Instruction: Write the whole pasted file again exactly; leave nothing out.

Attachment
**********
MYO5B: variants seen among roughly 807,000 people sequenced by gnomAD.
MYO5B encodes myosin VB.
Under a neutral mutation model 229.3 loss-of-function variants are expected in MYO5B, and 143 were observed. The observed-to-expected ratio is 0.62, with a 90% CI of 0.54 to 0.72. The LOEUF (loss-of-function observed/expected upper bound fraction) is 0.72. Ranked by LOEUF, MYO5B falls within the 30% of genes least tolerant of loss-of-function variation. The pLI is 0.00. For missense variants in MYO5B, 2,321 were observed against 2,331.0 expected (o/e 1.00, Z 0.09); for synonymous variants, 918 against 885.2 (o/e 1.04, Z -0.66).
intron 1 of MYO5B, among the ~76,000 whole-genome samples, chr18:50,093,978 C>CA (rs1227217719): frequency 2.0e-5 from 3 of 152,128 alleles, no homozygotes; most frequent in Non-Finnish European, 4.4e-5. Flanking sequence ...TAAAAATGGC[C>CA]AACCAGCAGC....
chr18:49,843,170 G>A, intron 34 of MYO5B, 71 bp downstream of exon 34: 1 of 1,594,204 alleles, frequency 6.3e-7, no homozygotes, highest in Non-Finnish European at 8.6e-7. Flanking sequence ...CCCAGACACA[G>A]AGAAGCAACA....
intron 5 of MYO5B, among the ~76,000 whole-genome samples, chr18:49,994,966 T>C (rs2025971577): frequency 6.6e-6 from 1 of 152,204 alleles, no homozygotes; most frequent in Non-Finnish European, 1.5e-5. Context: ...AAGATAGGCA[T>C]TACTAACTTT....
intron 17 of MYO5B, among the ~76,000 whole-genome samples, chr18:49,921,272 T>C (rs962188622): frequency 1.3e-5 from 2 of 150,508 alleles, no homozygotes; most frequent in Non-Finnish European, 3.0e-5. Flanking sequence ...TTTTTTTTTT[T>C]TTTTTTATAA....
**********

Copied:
MYO5B: variants seen among roughly 807,000 people sequenced by gnomAD.
MYO5B encodes myosin VB.
Under a neutral mutation model 229.3 loss-of-function variants are expected in MYO5B, and 143 were observed. The observed-to-expected ratio is 0.62, with a 90% CI of 0.54 to 0.72. The LOEUF (loss-of-function observed/expected upper bound fraction) is 0.72. Ranked by LOEUF, MYO5B falls within the 30% of genes least tolerant of loss-of-function variation. The pLI is 0.00. For missense variants in MYO5B, 2,321 were observed against 2,331.0 expected (o/e 1.00, Z 0.09); for synonymous variants, 918 against 885.2 (o/e 1.04, Z -0.66).
intron 1 of MYO5B, among the ~76,000 whole-genome samples, chr18:50,093,978 C>CA (rs1227217719): frequency 2.0e-5 from 3 of 152,128 alleles, no homozygotes; most frequent in Non-Finnish European, 4.4e-5. Flanking sequence ...TAAAAATGGC[C>CA]AACCAGCAGC....
chr18:49,843,170 G>A, intron 34 of MYO5B, 71 bp downstream of exon 34: 1 of 1,594,204 alleles, frequency 6.3e-7, no homozygotes, highest in Non-Finnish European at 8.6e-7. Flanking sequence ...CCCAGACACA[G>A]AGAAGCAACA....
intron 5 of MYO5B, among the ~76,000 whole-genome samples, chr18:49,994,966 T>C (rs2025971577): frequency 6.6e-6 from 1 of 152,204 alleles, no homozygotes; most frequent in Non-Finnish European, 1.5e-5. Context: ...AAGATAGGCA[T>C]TACTAACTTT....
intron 17 of MYO5B, among the ~76,000 whole-genome samples, chr18:49,921,272 T>C (rs962188622): frequency 1.3e-5 from 2 of 150,508 alleles, no homozygotes; most frequent in Non-Finnish European, 3.0e-5. Flanking sequence ...TTTTTTTTTT[T>C]TTTTTTATAA....